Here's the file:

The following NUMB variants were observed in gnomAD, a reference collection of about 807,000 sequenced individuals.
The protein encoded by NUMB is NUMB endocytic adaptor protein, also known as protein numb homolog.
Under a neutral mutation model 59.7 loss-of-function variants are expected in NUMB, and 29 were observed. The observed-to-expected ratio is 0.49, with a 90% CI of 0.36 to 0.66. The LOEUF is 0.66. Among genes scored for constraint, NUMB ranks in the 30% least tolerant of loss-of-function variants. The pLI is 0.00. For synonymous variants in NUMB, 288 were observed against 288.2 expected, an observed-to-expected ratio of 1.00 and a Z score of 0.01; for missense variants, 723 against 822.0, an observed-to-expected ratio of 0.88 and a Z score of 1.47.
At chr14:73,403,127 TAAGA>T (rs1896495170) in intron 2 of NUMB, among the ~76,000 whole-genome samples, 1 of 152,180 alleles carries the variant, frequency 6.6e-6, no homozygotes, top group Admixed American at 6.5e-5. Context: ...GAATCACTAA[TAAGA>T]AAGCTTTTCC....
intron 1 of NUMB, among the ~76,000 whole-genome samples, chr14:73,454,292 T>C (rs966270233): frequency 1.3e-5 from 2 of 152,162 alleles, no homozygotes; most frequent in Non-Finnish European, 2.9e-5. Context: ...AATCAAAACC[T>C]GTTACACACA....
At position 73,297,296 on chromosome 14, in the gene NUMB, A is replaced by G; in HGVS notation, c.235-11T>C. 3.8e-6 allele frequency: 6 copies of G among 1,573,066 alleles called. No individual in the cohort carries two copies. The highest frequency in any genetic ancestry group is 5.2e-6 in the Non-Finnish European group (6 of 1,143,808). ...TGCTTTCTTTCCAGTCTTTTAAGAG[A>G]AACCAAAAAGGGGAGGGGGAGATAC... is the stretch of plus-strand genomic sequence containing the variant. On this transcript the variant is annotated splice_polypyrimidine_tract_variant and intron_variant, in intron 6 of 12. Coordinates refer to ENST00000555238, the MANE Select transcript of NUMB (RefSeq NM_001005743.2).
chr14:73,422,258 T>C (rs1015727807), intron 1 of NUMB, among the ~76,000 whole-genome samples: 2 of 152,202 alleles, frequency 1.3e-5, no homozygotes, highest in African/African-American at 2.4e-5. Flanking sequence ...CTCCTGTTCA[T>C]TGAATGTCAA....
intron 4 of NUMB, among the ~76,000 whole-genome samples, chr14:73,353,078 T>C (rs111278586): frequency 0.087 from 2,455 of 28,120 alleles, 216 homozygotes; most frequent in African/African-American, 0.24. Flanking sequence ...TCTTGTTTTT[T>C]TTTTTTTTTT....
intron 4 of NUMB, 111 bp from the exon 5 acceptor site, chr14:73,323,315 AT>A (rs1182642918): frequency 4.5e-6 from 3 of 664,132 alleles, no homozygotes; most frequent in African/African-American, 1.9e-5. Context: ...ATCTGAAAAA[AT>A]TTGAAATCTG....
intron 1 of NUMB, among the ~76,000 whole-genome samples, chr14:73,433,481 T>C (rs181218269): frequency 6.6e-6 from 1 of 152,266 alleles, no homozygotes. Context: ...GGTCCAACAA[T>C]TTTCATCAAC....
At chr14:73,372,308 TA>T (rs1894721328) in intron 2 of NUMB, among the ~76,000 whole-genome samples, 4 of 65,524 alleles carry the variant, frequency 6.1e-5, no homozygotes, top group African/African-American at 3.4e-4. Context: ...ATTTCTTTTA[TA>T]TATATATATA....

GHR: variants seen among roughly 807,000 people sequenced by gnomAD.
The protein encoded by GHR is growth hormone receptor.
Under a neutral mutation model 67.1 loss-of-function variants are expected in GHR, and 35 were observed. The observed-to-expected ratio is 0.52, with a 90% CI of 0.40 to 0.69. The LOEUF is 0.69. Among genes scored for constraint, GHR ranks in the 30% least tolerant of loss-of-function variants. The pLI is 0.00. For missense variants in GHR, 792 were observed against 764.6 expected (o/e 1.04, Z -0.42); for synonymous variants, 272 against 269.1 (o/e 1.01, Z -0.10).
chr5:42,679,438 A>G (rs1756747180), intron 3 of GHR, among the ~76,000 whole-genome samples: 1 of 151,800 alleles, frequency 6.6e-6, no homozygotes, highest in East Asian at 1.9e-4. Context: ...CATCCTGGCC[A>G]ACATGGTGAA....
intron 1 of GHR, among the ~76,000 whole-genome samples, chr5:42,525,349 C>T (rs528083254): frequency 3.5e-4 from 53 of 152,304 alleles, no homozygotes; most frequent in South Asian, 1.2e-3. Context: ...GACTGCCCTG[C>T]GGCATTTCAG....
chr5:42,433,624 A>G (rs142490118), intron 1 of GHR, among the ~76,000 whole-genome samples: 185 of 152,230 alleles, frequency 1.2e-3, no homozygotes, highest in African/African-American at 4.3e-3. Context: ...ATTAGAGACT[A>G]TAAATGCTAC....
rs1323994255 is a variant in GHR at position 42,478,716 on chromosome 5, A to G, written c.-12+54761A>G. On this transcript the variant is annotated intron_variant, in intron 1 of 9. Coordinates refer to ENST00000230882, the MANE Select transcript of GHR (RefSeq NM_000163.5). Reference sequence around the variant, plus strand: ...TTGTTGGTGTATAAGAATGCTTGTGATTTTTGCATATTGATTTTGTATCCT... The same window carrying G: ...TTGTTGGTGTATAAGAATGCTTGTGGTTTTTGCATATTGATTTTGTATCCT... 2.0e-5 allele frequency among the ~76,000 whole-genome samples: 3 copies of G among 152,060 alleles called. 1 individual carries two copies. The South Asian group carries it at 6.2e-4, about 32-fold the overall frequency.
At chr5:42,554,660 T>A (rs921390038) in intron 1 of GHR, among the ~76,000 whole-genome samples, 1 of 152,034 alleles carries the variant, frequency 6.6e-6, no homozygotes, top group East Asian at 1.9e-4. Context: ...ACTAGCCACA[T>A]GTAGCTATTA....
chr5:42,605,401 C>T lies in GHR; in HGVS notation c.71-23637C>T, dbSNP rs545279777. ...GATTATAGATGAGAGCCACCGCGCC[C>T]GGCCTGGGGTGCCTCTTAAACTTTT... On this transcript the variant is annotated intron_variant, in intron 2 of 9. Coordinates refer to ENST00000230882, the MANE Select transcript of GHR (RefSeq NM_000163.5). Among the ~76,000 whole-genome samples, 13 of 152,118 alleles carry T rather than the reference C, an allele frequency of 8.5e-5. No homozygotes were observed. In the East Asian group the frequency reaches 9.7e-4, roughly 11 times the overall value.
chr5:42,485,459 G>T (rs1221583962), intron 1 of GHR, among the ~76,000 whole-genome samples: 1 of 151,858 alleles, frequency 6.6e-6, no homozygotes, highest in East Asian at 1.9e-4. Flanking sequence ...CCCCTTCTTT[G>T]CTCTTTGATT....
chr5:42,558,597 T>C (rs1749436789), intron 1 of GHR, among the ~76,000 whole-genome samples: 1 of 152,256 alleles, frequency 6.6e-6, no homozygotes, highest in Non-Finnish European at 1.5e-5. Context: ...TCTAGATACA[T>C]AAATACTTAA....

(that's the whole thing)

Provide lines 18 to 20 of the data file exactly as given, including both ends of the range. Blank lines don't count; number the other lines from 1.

rs1323994255 is a variant in GHR at position 42,478,716 on chromosome 5, A to G, written c.-12+54761A>G. On this transcript the variant is annotated intron_variant, in intron 1 of 9. Coordinates refer to ENST00000230882, the MANE Select transcript of GHR (RefSeq NM_000163.5). Reference sequence around the variant, plus strand: ...TTGTTGGTGTATAAGAATGCTTGTGATTTTTGCATATTGATTTTGTATCCT... The same window carrying G: ...TTGTTGGTGTATAAGAATGCTTGTGGTTTTTGCATATTGATTTTGTATCCT... 2.0e-5 allele frequency among the ~76,000 whole-genome samples: 3 copies of G among 152,060 alleles called. 1 individual carries two copies. The South Asian group carries it at 6.2e-4, about 32-fold the overall frequency.
At chr5:42,554,660 T>A (rs921390038) in intron 1 of GHR, among the ~76,000 whole-genome samples, 1 of 152,034 alleles carries the variant, frequency 6.6e-6, no homozygotes, top group East Asian at 1.9e-4. Context: ...ACTAGCCACA[T>A]GTAGCTATTA....
chr5:42,605,401 C>T lies in GHR; in HGVS notation c.71-23637C>T, dbSNP rs545279777. ...GATTATAGATGAGAGCCACCGCGCC[C>T]GGCCTGGGGTGCCTCTTAAACTTTT... On this transcript the variant is annotated intron_variant, in intron 2 of 9. Coordinates refer to ENST00000230882, the MANE Select transcript of GHR (RefSeq NM_000163.5). Among the ~76,000 whole-genome samples, 13 of 152,118 alleles carry T rather than the reference C, an allele frequency of 8.5e-5. No homozygotes were observed. In the East Asian group the frequency reaches 9.7e-4, roughly 11 times the overall value.